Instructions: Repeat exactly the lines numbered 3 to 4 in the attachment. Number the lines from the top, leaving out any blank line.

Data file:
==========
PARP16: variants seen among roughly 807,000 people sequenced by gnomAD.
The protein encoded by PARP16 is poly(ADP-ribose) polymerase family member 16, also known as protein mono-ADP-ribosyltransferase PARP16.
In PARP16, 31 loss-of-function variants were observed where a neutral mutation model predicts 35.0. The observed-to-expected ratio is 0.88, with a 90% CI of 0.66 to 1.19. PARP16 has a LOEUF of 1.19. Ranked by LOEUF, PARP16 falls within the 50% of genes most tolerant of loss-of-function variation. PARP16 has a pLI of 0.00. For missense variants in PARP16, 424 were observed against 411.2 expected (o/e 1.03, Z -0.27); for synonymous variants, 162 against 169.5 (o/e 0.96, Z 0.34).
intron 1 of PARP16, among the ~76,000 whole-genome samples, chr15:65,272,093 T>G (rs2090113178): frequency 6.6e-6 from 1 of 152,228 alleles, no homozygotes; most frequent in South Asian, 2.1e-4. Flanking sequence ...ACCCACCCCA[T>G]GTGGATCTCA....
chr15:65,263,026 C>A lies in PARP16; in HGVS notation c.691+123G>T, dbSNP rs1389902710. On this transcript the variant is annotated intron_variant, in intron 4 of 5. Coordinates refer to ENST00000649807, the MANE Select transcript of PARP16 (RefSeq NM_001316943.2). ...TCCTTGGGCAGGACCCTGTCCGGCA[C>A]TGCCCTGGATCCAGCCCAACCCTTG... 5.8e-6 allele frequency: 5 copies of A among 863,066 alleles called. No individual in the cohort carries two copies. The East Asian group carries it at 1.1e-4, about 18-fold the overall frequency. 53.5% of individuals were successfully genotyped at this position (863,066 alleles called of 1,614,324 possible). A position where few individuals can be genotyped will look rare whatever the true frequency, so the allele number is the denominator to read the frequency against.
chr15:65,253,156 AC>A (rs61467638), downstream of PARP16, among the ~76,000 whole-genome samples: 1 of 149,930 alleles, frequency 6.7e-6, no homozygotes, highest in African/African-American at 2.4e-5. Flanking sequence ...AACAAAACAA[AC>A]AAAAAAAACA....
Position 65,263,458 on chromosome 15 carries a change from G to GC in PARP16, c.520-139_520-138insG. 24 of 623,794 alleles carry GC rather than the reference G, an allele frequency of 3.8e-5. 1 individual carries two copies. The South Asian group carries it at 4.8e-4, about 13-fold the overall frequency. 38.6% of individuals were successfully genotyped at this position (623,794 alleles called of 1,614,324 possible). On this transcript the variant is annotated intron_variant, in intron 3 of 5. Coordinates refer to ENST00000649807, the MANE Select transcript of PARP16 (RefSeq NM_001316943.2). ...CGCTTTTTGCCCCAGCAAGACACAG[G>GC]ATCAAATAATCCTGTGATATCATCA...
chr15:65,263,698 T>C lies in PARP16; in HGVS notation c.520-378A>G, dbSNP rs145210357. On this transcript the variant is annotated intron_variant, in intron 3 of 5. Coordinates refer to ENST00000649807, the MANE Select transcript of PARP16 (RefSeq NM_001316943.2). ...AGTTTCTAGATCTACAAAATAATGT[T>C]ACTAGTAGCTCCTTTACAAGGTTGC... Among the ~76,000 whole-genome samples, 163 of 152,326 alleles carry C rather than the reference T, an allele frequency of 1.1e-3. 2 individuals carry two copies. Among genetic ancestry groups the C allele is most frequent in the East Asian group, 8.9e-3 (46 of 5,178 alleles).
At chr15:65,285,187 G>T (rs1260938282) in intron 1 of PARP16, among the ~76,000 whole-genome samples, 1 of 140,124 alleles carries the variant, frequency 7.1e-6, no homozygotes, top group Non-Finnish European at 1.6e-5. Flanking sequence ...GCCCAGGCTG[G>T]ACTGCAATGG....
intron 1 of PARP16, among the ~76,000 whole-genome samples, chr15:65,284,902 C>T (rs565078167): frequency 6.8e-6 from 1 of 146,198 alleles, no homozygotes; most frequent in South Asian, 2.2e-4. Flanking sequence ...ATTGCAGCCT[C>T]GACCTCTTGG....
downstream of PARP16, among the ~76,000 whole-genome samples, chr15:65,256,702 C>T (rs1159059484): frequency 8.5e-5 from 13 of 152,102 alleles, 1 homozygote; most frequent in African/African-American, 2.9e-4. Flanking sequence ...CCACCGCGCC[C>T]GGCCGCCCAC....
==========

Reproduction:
In PARP16, 31 loss-of-function variants were observed where a neutral mutation model predicts 35.0. The observed-to-expected ratio is 0.88, with a 90% CI of 0.66 to 1.19. PARP16 has a LOEUF of 1.19. Ranked by LOEUF, PARP16 falls within the 50% of genes most tolerant of loss-of-function variation. PARP16 has a pLI of 0.00. For missense variants in PARP16, 424 were observed against 411.2 expected (o/e 1.03, Z -0.27); for synonymous variants, 162 against 169.5 (o/e 0.96, Z 0.34).
intron 1 of PARP16, among the ~76,000 whole-genome samples, chr15:65,272,093 T>G (rs2090113178): frequency 6.6e-6 from 1 of 152,228 alleles, no homozygotes; most frequent in South Asian, 2.1e-4. Flanking sequence ...ACCCACCCCA[T>G]GTGGATCTCA....